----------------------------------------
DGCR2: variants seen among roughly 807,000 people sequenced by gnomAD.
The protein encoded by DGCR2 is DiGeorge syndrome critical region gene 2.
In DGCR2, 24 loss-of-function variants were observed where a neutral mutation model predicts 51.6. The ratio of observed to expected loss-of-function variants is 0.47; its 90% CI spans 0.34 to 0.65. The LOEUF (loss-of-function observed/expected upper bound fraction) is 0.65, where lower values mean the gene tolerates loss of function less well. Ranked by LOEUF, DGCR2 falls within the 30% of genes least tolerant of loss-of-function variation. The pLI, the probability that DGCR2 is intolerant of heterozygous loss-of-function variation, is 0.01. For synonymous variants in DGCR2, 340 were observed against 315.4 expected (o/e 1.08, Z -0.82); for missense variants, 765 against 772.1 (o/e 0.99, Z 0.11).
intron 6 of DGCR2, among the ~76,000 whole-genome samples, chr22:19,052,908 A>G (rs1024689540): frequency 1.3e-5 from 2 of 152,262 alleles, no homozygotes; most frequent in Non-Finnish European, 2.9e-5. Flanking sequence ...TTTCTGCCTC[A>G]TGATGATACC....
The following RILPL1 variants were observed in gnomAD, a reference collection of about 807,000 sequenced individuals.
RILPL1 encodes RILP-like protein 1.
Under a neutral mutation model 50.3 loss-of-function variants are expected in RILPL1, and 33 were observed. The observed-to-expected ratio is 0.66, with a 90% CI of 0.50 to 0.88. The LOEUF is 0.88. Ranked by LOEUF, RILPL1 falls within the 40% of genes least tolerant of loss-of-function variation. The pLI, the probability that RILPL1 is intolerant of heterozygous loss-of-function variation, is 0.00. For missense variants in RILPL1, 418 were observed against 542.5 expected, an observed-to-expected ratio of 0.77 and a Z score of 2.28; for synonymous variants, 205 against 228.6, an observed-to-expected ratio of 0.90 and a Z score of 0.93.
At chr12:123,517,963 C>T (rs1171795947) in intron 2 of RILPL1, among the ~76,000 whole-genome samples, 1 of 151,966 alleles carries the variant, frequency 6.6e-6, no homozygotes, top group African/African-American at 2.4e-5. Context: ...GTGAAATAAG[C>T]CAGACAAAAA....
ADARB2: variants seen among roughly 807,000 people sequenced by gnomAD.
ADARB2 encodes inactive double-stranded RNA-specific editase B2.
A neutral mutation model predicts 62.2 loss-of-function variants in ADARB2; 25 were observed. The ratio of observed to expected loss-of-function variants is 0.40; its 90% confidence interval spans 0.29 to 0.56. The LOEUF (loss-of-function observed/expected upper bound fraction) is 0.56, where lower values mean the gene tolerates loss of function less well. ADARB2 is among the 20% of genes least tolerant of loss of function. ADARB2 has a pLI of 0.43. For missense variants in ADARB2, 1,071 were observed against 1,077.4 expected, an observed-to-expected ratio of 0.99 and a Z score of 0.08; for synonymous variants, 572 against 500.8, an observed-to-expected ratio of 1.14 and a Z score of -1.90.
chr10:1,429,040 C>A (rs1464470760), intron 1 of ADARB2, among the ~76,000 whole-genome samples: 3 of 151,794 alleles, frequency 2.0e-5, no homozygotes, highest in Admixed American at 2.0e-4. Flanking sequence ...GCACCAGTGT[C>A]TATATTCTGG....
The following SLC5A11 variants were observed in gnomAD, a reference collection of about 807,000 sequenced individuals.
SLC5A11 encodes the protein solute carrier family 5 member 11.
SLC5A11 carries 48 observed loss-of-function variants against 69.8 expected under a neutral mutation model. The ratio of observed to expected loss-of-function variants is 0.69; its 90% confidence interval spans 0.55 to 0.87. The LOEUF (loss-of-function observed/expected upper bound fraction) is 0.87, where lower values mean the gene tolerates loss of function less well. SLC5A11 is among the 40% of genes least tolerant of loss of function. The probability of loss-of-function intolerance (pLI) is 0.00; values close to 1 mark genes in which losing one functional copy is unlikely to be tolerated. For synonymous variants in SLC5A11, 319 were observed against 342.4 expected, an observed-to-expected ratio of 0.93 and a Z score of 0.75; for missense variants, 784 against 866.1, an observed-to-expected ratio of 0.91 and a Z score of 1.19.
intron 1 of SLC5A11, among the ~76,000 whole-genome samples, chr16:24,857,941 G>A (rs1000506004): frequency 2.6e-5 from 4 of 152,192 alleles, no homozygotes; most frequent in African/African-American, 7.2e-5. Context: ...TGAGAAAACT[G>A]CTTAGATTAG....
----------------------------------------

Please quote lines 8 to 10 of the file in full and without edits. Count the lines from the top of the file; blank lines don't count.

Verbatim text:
At chr12:123,517,963 C>T (rs1171795947) in intron 2 of RILPL1, among the ~76,000 whole-genome samples, 1 of 151,966 alleles carries the variant, frequency 6.6e-6, no homozygotes, top group African/African-American at 2.4e-5. Context: ...GTGAAATAAG[C>T]CAGACAAAAA....
ADARB2: variants seen among roughly 807,000 people sequenced by gnomAD.
ADARB2 encodes inactive double-stranded RNA-specific editase B2.